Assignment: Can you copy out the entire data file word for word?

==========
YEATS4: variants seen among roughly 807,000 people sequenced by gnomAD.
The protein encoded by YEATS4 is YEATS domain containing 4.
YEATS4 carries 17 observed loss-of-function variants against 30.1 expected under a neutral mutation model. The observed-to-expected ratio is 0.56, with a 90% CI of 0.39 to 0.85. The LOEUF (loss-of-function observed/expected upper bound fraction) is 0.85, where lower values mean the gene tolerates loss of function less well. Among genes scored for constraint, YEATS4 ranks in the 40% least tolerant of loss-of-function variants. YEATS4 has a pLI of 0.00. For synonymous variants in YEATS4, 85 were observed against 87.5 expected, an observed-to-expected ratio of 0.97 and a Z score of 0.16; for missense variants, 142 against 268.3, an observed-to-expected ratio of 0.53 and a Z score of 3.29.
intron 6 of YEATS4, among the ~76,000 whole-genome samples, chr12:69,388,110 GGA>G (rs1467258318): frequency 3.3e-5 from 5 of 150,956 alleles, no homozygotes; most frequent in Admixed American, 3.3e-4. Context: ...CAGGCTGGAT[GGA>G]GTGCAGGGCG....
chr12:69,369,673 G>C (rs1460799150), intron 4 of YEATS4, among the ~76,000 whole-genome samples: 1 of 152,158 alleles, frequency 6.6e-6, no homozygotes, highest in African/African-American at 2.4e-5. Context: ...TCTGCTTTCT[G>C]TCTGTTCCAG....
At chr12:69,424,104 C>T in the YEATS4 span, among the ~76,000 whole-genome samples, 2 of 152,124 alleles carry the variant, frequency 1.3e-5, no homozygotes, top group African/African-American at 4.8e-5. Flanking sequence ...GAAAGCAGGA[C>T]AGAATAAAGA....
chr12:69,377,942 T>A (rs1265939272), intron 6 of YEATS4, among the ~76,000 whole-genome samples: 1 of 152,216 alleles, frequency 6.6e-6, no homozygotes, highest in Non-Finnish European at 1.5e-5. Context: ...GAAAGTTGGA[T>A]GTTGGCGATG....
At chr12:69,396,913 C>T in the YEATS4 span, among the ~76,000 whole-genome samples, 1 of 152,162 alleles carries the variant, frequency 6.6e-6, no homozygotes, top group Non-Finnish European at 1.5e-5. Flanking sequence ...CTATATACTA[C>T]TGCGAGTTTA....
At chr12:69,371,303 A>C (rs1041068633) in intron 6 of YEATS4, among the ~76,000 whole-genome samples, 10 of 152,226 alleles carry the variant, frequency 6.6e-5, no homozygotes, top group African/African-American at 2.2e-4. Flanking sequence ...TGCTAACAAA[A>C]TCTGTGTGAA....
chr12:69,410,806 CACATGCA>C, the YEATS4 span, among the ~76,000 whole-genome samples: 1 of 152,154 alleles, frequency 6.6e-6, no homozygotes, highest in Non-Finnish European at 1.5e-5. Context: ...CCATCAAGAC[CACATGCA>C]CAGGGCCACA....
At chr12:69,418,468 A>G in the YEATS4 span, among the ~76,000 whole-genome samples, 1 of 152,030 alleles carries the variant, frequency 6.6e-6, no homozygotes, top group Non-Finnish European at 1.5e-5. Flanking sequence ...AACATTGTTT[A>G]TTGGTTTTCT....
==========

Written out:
YEATS4: variants seen among roughly 807,000 people sequenced by gnomAD.
The protein encoded by YEATS4 is YEATS domain containing 4.
YEATS4 carries 17 observed loss-of-function variants against 30.1 expected under a neutral mutation model. The observed-to-expected ratio is 0.56, with a 90% CI of 0.39 to 0.85. The LOEUF (loss-of-function observed/expected upper bound fraction) is 0.85, where lower values mean the gene tolerates loss of function less well. Among genes scored for constraint, YEATS4 ranks in the 40% least tolerant of loss-of-function variants. YEATS4 has a pLI of 0.00. For synonymous variants in YEATS4, 85 were observed against 87.5 expected, an observed-to-expected ratio of 0.97 and a Z score of 0.16; for missense variants, 142 against 268.3, an observed-to-expected ratio of 0.53 and a Z score of 3.29.
intron 6 of YEATS4, among the ~76,000 whole-genome samples, chr12:69,388,110 GGA>G (rs1467258318): frequency 3.3e-5 from 5 of 150,956 alleles, no homozygotes; most frequent in Admixed American, 3.3e-4. Context: ...CAGGCTGGAT[GGA>G]GTGCAGGGCG....
chr12:69,369,673 G>C (rs1460799150), intron 4 of YEATS4, among the ~76,000 whole-genome samples: 1 of 152,158 alleles, frequency 6.6e-6, no homozygotes, highest in African/African-American at 2.4e-5. Context: ...TCTGCTTTCT[G>C]TCTGTTCCAG....
At chr12:69,424,104 C>T in the YEATS4 span, among the ~76,000 whole-genome samples, 2 of 152,124 alleles carry the variant, frequency 1.3e-5, no homozygotes, top group African/African-American at 4.8e-5. Flanking sequence ...GAAAGCAGGA[C>T]AGAATAAAGA....
chr12:69,377,942 T>A (rs1265939272), intron 6 of YEATS4, among the ~76,000 whole-genome samples: 1 of 152,216 alleles, frequency 6.6e-6, no homozygotes, highest in Non-Finnish European at 1.5e-5. Context: ...GAAAGTTGGA[T>A]GTTGGCGATG....
At chr12:69,396,913 C>T in the YEATS4 span, among the ~76,000 whole-genome samples, 1 of 152,162 alleles carries the variant, frequency 6.6e-6, no homozygotes, top group Non-Finnish European at 1.5e-5. Flanking sequence ...CTATATACTA[C>T]TGCGAGTTTA....
At chr12:69,371,303 A>C (rs1041068633) in intron 6 of YEATS4, among the ~76,000 whole-genome samples, 10 of 152,226 alleles carry the variant, frequency 6.6e-5, no homozygotes, top group African/African-American at 2.2e-4. Flanking sequence ...TGCTAACAAA[A>C]TCTGTGTGAA....
chr12:69,410,806 CACATGCA>C, the YEATS4 span, among the ~76,000 whole-genome samples: 1 of 152,154 alleles, frequency 6.6e-6, no homozygotes, highest in Non-Finnish European at 1.5e-5. Context: ...CCATCAAGAC[CACATGCA>C]CAGGGCCACA....
At chr12:69,418,468 A>G in the YEATS4 span, among the ~76,000 whole-genome samples, 1 of 152,030 alleles carries the variant, frequency 6.6e-6, no homozygotes, top group Non-Finnish European at 1.5e-5. Flanking sequence ...AACATTGTTT[A>G]TTGGTTTTCT....